Apple’s green label will get peeled off, predicts recycler
Although Apple has returned its products to the EPEAT green electronics register, an environmental group claims they will have their certification removed because its machines are so difficult to recycle.
Apple rejoined the environmental rating scheme this week, after an earlier decision to take its products off the EPEAT list prompted widespread complaints, and claimed a Gold certificate for its new MacBook Pro . However, the certificates are based on Apple’s assertions and will be withdrawn when EPEAT reviews the application, according to US recycling body the Electronics Takeback Coalition (ETC).
EPEAT repeat performance
The new MacBooks, launched last month, include a retina display but also have batteries which are glued into place. Teardown site iFixit claimed this cannot be removed easily, meaning the laptops break the requirement in the EPEAT standards that products should be easy to disassemble for recycling purposes.
“We seriously doubt that these MacBooks should qualify for EPEAT at any level because we think they flunk two required criteria in the ‘Design for End of Life’ section of the standard,” said ETC’s Barbara Kyle.
EPEAT bases its register on the IEEE 1680.1 recycling standard, which demands that the enclosures of computers should be “easily removable by one person alone with commonly available tools” (Criterion 220.127.116.11), and that components containing hazardous materials, such as batteries and circuit boards, should also be “easily removable” (18.104.22.168). The IEEE standard is not available for free, but EPEAT publishes a summary of it,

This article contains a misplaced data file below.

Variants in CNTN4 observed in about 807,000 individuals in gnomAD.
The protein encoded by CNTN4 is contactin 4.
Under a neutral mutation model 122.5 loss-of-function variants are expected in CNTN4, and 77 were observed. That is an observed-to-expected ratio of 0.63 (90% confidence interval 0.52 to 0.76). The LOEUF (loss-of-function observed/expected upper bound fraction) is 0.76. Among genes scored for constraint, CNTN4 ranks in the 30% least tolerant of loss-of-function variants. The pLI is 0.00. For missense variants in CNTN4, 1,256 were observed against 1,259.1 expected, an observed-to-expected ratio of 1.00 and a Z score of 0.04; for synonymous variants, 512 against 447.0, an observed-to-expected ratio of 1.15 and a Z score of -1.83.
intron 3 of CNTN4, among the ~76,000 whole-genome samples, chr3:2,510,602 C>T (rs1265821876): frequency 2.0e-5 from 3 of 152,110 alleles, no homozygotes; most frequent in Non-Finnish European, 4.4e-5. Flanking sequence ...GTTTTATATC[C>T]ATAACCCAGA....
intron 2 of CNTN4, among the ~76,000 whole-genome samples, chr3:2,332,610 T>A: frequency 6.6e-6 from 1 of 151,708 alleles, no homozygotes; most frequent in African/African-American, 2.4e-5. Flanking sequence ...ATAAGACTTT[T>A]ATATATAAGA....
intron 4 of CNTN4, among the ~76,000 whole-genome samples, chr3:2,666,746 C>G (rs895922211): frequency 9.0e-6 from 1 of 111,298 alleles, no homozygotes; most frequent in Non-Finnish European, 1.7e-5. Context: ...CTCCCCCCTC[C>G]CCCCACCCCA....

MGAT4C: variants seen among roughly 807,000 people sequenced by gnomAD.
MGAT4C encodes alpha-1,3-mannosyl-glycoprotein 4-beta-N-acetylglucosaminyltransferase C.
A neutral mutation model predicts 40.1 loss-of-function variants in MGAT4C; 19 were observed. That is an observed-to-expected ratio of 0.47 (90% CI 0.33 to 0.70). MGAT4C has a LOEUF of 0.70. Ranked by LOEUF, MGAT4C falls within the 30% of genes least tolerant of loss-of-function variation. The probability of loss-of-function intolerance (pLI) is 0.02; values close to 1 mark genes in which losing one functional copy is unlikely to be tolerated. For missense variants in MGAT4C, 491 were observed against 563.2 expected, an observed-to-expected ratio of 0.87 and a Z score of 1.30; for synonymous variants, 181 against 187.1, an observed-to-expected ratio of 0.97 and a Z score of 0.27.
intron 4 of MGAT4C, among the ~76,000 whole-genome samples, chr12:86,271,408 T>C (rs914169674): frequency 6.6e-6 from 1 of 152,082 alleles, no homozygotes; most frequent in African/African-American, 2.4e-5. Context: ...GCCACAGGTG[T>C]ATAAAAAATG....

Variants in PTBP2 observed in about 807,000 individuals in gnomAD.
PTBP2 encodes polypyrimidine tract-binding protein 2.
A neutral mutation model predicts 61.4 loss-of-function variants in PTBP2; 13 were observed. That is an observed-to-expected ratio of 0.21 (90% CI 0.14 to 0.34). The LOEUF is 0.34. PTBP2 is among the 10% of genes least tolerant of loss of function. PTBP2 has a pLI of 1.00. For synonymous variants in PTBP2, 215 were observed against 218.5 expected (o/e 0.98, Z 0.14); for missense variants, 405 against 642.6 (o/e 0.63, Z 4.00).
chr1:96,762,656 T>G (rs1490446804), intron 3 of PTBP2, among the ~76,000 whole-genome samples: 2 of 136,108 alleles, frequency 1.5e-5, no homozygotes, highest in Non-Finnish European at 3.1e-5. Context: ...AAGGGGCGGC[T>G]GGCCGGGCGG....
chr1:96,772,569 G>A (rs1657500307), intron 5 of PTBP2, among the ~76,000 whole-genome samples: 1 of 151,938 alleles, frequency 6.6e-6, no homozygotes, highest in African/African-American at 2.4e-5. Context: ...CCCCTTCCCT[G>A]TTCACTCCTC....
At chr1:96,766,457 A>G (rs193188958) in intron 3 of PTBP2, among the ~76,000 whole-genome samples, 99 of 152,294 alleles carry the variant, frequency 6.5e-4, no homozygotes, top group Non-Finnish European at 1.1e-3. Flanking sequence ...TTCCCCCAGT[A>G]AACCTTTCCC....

All products are allowed to carry the EPEAT label, which can be removed if tests find it does not meet the standard. Apple’s new MacBook is therefore in the register on Apple’s say so, until its status is checked by EPEAT.
Apple would not comment – although sources pointed out that listing the new MacBook implied a high level of certainty within Apple that it will pass.
Yet ETC is convinced EPEAT will fail the iPhone maker. “We are sending them a letter this week with a formal challenge to the EPEAT gold designation for the MacBook Pro/retina, asking them to show on the registery that this classification has been challenged,” Kyle told TechWeekEurope.
“We are working quickly on this,” added Sarah O’Brien, EPEAT ‘s director of communications. She was unable to give any date when the MacBook’s entry would be reviewed, saying that there is a due process to be worked through in these cases.
ETC argues that EPEAT should not include products which have been self-certified without making this clear to users. “We understand that a review will be forthcoming, but they’ve given no timeframe” said Kyle. “In the meantime, people don’t understand that something on the EPEAT registry is unverified. They should indicate ‘verified’ or ‘unverified’ so people can know which listings to trust.”
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